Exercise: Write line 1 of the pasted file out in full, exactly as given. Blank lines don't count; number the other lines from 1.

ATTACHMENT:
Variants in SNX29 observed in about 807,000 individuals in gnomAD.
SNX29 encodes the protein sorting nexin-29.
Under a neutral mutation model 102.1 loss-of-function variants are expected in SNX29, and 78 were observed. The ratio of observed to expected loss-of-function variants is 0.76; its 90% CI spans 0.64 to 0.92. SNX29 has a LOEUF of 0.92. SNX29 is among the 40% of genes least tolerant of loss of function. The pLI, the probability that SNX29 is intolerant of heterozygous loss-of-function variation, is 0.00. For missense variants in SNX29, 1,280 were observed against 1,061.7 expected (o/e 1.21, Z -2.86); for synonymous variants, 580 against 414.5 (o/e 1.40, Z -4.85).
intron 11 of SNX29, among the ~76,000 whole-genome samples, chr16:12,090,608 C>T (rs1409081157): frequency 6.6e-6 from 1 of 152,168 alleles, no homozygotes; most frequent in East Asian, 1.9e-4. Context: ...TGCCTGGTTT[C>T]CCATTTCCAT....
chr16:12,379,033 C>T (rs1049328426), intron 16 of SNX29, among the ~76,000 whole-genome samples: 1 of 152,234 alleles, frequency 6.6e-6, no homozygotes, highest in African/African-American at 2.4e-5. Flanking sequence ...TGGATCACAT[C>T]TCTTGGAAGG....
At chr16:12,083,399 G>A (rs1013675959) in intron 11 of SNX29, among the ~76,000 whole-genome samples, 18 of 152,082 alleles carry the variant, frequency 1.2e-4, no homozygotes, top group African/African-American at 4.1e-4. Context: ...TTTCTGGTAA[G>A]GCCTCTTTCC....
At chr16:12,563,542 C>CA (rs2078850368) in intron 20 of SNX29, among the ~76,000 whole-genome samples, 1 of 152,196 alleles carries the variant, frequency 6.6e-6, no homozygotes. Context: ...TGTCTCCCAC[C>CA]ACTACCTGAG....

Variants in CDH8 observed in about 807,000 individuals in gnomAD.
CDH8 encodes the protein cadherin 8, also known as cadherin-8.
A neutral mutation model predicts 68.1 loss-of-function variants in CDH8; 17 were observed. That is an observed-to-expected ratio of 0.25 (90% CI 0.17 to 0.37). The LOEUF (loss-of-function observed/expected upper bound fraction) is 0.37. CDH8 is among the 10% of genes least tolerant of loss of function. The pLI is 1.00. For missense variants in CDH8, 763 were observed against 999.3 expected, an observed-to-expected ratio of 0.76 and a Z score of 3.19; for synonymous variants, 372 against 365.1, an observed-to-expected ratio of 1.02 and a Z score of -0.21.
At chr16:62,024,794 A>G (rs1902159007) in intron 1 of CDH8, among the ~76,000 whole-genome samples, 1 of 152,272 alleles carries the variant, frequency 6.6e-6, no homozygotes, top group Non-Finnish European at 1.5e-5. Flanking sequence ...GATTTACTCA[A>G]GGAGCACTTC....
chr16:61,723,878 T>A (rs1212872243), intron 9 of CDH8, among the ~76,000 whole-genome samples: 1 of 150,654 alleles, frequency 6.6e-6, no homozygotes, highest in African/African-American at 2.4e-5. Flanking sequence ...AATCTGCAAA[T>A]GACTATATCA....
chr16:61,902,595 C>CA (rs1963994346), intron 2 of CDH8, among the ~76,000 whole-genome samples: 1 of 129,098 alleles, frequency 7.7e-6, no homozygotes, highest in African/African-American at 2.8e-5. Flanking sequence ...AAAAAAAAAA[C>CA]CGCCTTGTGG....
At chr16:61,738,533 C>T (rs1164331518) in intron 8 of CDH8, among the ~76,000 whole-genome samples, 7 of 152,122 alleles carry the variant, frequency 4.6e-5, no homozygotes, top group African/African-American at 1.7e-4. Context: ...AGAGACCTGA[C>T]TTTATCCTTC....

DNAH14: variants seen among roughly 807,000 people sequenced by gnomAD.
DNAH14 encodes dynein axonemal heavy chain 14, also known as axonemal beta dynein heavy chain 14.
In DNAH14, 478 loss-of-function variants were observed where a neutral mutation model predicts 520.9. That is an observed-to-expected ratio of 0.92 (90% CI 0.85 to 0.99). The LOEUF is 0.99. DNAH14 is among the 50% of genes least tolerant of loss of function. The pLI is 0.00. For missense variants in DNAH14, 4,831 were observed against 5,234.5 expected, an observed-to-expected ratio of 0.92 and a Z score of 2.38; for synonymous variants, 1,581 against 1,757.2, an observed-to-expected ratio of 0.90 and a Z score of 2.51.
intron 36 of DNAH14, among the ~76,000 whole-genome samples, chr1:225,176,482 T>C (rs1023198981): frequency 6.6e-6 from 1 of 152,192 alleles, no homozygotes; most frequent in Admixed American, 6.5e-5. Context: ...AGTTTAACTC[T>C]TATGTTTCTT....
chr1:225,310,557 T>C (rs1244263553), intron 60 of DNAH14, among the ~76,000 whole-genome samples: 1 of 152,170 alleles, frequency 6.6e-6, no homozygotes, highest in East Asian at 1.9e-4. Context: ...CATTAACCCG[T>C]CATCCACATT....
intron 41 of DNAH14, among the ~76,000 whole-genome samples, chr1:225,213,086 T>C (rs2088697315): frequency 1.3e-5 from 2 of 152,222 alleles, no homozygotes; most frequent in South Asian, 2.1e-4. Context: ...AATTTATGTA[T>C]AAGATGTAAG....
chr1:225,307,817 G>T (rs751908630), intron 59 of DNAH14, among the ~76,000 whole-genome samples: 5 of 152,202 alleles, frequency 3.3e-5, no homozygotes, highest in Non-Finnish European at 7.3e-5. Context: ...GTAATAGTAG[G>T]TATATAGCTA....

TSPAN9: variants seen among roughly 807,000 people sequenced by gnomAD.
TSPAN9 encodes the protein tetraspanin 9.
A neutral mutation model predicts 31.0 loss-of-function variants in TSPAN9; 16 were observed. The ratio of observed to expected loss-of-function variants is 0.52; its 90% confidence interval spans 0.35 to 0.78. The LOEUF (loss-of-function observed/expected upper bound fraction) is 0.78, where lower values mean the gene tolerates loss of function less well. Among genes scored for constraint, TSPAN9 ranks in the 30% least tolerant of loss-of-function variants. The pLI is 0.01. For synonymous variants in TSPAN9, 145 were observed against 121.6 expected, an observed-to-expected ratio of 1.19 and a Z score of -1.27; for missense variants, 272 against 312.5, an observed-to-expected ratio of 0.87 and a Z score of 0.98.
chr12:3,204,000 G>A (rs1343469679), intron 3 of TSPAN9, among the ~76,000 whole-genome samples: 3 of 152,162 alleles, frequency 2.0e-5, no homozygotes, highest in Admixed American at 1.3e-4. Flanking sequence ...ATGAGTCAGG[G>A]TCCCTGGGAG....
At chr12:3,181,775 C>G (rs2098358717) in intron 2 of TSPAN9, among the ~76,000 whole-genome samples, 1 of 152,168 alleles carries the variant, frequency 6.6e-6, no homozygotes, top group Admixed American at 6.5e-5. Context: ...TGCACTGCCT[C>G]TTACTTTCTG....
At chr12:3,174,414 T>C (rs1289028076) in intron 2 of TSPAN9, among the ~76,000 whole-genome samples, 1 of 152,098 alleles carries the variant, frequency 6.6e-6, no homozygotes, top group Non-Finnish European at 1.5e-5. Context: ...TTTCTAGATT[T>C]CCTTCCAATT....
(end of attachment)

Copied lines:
Variants in SNX29 observed in about 807,000 individuals in gnomAD.